Broker Check


| September 14, 2020
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In the latter part of July, our third party asset management firm Wilde Capital Management increased its conviction in risk assets across our asset allocation portfolios in recognition of the confluence of the early stages of economic recovery, the effects of massive amounts of fiscal and monetary stimulus, and the disruptive changes rippling through society as a byproduct of the coronavirus pandemic which we believe are unlocking a new wave of innovation and growth in how and where we live, work, eat, learn and recreate. From a portfolio manager’s perspective, it is always good to be right, but as in all other things it is possible to have too much of a good thing. The second half of the Summer saw a blistering rally in stocks, particularly technology and new-economy stocks, that picked up as though the market had not broken in February and March. And now, in early September, with a strong rally particularly in technology-oriented stocks in our pocket, we have made the decision to establish a modest underweight to risk by reducing US equity ownership and increasing cash holdings.

We could debate whether or not the rally was too much, but we fully agree it was too quick. Many of our technical charts were signaling that the market was getting ahead of itself, and some trusted voices to whom we listen were saying stocks were pricing in 2021 or even 2022 growth already. In more sane times success begets success and the march higher might continue unabated, but election season is never sane. We do not need to handicap this election outcome to know the process is rife with uncertainty given the polarized population, a Summer of tears in our social fabric, and an election process that could leave us wondering on outcomes for days or even weeks. It is often our experience that the market can find a way to deploy capital and grow if conditions are known, even if conditions are known to be poor. It is a machine for identifying and pricing risk and discounting results. When uncertainty is rampant though, about the only thing we can count on is directionless volatility.

The last several trading sessions prior to today manifested those concerns, again sooner and more abruptly and steeply than we anticipated. On today’s rally, we seized the positive price movement as our opportunity to take a step back in terms of market risk, settling into a modest underweight of equity risk relative to our benchmarks, and an increase in cash. Within our Core and Disciplined Yield series, we lowered exposure to a group of equity ETFs to achieve the targeted underweight in aggregate terms as well as sector/industry and style. We also effectively eliminated exposure to convertible securities within our bond allocation because of the equity-like downside risk they present. For our ESG series, we reduced holdings in a broad-based ESG equity index ETF.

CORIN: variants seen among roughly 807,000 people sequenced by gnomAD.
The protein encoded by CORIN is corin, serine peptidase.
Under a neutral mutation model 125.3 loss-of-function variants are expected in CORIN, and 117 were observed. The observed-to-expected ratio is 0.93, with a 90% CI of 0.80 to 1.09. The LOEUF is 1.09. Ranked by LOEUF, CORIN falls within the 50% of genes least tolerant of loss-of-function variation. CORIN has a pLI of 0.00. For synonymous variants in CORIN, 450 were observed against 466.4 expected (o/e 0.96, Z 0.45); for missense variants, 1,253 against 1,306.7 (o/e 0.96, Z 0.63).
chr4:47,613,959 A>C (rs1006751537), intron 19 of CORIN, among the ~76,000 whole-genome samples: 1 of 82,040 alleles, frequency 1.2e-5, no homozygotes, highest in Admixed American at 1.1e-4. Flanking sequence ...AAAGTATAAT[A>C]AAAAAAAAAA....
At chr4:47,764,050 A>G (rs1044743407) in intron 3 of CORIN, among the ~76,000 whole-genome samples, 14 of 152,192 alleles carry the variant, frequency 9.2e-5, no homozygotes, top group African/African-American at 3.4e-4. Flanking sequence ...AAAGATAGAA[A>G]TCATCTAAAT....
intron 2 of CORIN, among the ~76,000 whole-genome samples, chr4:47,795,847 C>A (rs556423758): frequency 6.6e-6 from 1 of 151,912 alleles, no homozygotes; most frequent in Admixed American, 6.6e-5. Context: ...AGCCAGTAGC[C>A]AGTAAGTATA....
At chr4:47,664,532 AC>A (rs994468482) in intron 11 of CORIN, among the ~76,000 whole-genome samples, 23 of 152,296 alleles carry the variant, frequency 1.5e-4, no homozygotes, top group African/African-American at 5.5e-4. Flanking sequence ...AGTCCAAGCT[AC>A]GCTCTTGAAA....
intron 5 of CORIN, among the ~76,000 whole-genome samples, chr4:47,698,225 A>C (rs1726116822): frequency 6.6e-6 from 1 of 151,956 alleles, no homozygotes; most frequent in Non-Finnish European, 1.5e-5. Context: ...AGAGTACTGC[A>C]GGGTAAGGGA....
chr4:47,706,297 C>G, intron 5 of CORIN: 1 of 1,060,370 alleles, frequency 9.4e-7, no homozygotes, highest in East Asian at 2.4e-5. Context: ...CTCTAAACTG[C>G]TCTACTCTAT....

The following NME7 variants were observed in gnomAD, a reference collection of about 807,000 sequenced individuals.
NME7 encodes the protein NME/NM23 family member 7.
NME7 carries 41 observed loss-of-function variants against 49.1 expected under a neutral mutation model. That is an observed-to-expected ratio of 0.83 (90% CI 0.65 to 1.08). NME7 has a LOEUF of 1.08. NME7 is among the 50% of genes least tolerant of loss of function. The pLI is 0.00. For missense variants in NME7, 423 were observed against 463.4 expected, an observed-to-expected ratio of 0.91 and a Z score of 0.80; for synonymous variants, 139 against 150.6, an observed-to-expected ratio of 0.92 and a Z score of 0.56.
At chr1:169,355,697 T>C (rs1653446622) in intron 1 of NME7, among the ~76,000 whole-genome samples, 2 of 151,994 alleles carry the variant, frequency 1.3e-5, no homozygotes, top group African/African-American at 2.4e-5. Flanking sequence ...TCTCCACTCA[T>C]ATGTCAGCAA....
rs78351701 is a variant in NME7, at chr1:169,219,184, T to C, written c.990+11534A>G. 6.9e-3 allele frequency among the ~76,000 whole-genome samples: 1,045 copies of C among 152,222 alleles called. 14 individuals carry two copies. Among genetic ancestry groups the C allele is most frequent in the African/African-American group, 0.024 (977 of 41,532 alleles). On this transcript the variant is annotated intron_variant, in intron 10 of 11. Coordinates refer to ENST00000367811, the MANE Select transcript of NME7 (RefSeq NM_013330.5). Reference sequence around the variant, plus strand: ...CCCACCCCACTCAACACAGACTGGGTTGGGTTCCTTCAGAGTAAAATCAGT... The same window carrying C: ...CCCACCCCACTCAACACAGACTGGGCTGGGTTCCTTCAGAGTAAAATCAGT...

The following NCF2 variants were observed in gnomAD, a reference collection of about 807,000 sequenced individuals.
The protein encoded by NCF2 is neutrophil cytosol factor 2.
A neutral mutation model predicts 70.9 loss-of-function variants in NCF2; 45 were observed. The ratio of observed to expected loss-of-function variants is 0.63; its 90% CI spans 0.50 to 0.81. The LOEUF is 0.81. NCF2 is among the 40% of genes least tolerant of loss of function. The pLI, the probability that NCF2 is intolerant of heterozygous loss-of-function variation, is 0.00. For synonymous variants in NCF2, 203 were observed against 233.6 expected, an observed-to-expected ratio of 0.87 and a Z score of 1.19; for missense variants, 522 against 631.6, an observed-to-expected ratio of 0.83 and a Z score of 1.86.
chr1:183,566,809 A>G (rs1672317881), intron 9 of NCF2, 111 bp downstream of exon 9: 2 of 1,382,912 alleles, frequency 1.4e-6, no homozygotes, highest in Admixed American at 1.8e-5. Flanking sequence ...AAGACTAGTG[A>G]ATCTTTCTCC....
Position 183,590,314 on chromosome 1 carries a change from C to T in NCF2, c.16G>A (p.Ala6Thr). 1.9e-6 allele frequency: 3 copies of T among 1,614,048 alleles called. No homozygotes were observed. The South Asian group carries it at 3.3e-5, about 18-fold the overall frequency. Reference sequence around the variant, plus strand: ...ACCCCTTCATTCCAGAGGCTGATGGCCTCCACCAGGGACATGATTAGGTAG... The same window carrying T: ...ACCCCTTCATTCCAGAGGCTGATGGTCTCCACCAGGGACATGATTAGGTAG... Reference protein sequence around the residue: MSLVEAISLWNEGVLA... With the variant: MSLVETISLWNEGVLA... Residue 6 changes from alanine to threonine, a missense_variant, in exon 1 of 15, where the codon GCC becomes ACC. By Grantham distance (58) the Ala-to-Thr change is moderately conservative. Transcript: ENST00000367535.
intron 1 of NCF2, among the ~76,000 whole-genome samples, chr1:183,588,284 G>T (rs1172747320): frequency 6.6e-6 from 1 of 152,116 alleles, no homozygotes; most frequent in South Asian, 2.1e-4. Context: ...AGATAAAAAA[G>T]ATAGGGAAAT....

As stated in our August month-end newsletter, the situation is neither all risk nor all reward. There are challenges, not the least of which is the still unsolved COVID-19 pandemic and its effects on employment, local businesses, education, housing and evictions, mobility and of course fragile public health systems. We have discussed numerous times that we have to hold two ideas at the same time, the first being that Main Street is hurting, and the second that Wall Street is prospering. Trillions of dollars in stimulus have inflated asset prices at the same time that unemployment, housing insecurity and food insecurity remain at troublingly high levels. The noise of the election season will pass and the real story for the market’s continued stability and growth will be whether the currency of higher stock prices and more lending capital will filter down through all levels of the real economy and re-establish small businesses and home-grown jobs to fulfill the possibilities record high equity prices promise.


Conscious Capital Wealth Management, LLC is a registered investment adviser.  Information presented is for educational purposes only and does not intend to make an offer or solicitation for the sale or purchase of any specific securities, investments, or investment strategies.  Investments involve risk and, unless otherwise stated, are not guaranteed.  Be sure to first consult with a qualified financial adviser and/or tax professional before implementing any strategy discussed herein. Past performance is not indicative of future performance.